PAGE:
- There is a veritable flood of commentary and new restorations of Spinosaurus on the internet. Most of the commentary is based on false assumptions that feverishly support this or that “Ideal” image of this poorly known, biggest of all theropods. If it is bigger than T. rex it must have been a scary monster and a fierce predator, not a useless aquatic wimp… isn’t it? Especially if most of the prejudices come from a B monster movie!
The story of the reconstruction of Spinosaurus is rather truculent, to say the least… and when Ibrahim et al produced the first restoration based on the known remains, well, he opened the flood. At first glance “everybody” (including me, the legs did not seem to match the rest of the body) concluded Ibrahim was wrong… there were two animals there in different stages of growth. After the tempers settled, the model stayed; at least it had to be a biped and/or it walked on its knuckles like a gorilla (only no dinosaur hand had knuckles)… whatever other possibilities except that it might have been indeed the first fully aquatic theropod and could not have walked on land as most restorations today show him…very convincing CG ones included!
But gravity doesn’t lie. All the walking restorations I have seen need to strengthen the legs or at least make them small but massive. Nevertheless, the precarious balance that the real reconstructed skeleton of this animal show, sustained by its very long tail, trunk and neck, small pelvis and incredibly short legs that look weakly muscled, could not possibly support its whole 15-meter long, multi-ton frame freely walking on solid ground like any other theropod.
So I suggested that when (and if) Spinosaurus needed to use the land to lay eggs, he might have been some sort of dinosaurian walrus or some sort of Ambulocetus-like dinosaur that in a few million years might have become the first dino-whale! That is exciting to think for any scientist, but not for the Idealists. The Ideal now is trying to adamantly continue to prove that it is, in reality, two specimens of Spinosaurus in one… unfortunately for the idealists, they have no proof, the tail finally appeared and according to Cristiano Dal Sasso the tail fits perfectly well and its elongated vertebrae creating a fin that looks exactly what you can expect for a rather elegant, fully aquatic animal.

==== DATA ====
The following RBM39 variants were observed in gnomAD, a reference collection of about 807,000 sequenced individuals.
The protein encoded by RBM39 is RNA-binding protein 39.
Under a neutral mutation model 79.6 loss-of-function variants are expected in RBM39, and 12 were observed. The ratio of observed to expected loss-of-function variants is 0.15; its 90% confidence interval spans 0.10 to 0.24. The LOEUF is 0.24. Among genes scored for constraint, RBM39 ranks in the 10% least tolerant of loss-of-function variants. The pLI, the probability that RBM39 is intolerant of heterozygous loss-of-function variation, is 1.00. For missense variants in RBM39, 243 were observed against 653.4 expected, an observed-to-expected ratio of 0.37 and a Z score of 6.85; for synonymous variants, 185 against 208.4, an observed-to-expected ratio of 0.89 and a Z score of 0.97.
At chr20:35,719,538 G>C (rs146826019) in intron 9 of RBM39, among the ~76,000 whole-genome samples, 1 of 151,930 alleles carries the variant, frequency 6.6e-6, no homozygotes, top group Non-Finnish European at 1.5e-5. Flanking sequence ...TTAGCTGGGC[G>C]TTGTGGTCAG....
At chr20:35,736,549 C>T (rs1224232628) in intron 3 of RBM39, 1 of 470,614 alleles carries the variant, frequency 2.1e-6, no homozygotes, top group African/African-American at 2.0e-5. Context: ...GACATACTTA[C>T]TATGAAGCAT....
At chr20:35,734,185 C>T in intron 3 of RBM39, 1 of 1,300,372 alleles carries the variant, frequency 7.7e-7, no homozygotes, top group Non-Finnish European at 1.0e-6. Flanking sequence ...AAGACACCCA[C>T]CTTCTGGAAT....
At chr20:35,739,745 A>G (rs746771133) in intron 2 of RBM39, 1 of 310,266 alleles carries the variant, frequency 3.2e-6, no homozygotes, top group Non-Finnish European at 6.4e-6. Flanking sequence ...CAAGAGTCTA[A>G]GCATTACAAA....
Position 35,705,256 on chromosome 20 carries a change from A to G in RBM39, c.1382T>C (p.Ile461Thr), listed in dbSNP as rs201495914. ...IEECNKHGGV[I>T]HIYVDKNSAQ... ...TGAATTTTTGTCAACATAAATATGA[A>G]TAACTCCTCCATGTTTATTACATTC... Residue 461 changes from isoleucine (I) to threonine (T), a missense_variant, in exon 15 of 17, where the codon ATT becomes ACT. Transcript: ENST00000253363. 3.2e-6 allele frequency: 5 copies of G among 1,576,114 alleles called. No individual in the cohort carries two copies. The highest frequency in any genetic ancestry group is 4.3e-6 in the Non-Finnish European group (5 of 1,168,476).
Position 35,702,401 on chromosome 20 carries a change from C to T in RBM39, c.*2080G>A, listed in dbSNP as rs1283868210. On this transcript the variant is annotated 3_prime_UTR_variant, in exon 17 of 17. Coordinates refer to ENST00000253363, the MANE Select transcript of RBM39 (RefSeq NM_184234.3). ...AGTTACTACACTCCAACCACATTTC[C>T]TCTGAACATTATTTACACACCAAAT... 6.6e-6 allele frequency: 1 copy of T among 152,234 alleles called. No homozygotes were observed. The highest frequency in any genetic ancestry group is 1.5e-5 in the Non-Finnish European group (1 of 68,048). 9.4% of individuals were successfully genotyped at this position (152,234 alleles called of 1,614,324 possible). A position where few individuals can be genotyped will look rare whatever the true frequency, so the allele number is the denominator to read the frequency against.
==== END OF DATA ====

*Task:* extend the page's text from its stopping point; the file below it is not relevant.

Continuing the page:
I trust my friend Cristiano Dal Sasso more than I trust the idealists. Until more is known of a complete skeleton of Spinosaurus found in situ, the evidence is currently showing us a very odd aquatic dinosaur, with also the bone density of an aquatic animal. Spinosaurs skulls, in general, have been always odd and many doubted spinosaurs were dinosaurs at the beginning. The model of Ibrahim et al continues to be current. This may change in the future who knows?
So I set my hands to work again on one of the old reconstructions that I did first for Anusuya Chinsamy‘s Dinosaurs from Africa, and that has been evolving through the years. Yes, this is a biped Spinosaurus trying to find a place to lay her eggs. Note the theropod hands, based on Alan Gishlick’s work on the hand of raptors… this is obviously not a raptor, but the outwardly hyperexpanded digits are typically theropodian and could have helped in this bipedal-quadrupedal posture. The puny legs might have helped in the dragging of the body. You may notice my earlier takes of this same painting in this blog!
Very sorry that for the time being the Idealists can’t have their monster back. Can’t believe all this controversy is simply trying to get back a B-Movie monster but it is consistent with my thesis about Dinosaur Iconography embedded and twisted by the Media! In any case, I’d be very scared if I was a fish!
And yes! I’m looking forward to seeing the 3D model by Hector Munive of a baby Spinosaurus I designed for him… watch this space!